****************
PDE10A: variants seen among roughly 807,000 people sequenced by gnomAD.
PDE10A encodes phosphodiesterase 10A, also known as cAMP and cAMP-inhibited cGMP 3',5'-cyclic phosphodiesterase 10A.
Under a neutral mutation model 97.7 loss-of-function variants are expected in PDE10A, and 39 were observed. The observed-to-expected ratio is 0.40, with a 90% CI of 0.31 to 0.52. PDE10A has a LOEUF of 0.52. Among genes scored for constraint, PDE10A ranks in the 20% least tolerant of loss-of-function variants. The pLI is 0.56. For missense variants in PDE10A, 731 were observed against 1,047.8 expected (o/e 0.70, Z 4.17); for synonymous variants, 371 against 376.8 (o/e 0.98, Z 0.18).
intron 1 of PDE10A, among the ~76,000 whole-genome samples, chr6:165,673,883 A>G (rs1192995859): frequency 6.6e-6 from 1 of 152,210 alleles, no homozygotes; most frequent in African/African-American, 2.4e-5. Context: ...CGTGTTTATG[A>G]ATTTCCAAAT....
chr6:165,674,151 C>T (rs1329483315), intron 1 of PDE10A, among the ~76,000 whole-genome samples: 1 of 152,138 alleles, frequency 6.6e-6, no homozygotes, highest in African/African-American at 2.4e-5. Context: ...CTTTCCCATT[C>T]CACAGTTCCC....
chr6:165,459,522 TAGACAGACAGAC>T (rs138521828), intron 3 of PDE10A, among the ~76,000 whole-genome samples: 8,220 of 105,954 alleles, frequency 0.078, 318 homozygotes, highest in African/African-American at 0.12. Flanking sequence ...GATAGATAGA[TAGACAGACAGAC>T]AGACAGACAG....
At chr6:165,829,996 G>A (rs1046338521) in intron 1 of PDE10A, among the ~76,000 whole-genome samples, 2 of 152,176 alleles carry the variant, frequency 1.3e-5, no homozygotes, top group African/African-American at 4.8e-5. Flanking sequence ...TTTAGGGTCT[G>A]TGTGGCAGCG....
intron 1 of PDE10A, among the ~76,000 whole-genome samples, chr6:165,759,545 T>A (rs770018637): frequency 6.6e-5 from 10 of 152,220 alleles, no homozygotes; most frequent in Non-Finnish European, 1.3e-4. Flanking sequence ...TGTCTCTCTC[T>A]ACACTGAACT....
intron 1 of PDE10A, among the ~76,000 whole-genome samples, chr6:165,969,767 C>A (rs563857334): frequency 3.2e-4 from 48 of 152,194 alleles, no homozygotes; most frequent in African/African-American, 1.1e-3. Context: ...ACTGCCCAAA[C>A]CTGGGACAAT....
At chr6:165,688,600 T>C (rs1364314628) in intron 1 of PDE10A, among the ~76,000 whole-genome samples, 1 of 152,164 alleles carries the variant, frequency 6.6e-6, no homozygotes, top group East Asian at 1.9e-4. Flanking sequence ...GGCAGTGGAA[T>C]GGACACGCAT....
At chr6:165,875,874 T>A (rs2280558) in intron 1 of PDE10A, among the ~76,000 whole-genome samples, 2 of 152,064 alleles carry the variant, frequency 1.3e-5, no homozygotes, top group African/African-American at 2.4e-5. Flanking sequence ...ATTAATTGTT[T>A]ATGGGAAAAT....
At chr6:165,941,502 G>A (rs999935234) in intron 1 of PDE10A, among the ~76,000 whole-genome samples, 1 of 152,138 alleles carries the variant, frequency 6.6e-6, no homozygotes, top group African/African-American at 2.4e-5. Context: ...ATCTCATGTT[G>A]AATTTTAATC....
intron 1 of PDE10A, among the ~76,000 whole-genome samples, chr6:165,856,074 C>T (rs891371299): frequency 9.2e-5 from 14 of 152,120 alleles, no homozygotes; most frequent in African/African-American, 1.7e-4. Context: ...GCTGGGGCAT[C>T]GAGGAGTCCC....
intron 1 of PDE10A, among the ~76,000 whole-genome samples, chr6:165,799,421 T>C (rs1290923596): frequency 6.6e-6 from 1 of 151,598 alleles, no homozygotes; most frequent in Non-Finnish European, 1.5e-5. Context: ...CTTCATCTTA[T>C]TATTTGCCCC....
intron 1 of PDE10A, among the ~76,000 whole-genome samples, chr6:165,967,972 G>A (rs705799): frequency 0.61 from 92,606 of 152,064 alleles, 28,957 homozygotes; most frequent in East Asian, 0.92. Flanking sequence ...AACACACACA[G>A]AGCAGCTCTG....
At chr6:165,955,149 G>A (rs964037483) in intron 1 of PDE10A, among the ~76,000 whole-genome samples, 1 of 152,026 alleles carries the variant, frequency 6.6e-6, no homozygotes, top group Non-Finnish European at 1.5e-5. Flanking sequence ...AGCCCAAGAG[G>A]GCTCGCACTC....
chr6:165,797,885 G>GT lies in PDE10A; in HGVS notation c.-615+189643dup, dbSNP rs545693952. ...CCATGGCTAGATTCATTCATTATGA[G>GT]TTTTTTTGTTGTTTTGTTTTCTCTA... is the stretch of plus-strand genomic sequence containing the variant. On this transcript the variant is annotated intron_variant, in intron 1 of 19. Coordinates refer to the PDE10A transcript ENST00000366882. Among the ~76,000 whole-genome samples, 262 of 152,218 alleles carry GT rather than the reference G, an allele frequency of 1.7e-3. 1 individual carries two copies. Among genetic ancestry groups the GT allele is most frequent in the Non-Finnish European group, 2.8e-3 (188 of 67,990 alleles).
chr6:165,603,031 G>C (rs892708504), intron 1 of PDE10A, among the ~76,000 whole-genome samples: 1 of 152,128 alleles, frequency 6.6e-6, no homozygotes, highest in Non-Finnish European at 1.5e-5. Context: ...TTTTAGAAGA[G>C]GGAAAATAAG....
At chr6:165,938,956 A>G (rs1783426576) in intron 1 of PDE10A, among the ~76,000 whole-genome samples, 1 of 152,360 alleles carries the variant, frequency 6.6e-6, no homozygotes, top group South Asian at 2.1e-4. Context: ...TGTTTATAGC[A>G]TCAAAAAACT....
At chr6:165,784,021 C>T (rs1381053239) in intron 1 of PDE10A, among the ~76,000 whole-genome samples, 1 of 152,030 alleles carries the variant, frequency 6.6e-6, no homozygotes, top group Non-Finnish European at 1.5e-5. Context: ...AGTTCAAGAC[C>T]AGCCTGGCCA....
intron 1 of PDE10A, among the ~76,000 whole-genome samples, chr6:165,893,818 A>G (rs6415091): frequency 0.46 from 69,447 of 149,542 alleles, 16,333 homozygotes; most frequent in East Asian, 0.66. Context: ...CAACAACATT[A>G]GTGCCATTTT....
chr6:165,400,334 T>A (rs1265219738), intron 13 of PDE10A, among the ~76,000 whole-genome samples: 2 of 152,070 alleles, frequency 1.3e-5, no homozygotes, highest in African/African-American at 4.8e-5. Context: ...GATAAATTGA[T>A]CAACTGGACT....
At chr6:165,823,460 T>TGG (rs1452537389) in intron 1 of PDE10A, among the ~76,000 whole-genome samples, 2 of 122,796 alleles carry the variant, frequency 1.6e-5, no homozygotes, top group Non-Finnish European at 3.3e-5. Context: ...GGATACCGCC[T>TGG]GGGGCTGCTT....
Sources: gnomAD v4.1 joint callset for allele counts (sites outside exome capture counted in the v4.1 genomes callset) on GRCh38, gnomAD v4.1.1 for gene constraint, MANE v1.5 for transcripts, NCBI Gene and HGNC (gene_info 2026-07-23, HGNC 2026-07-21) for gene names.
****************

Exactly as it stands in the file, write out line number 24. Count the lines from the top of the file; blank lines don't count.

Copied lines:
Sources: gnomAD v4.1 joint callset for allele counts (sites outside exome capture counted in the v4.1 genomes callset) on GRCh38, gnomAD v4.1.1 for gene constraint, MANE v1.5 for transcripts, NCBI Gene and HGNC (gene_info 2026-07-23, HGNC 2026-07-21) for gene names.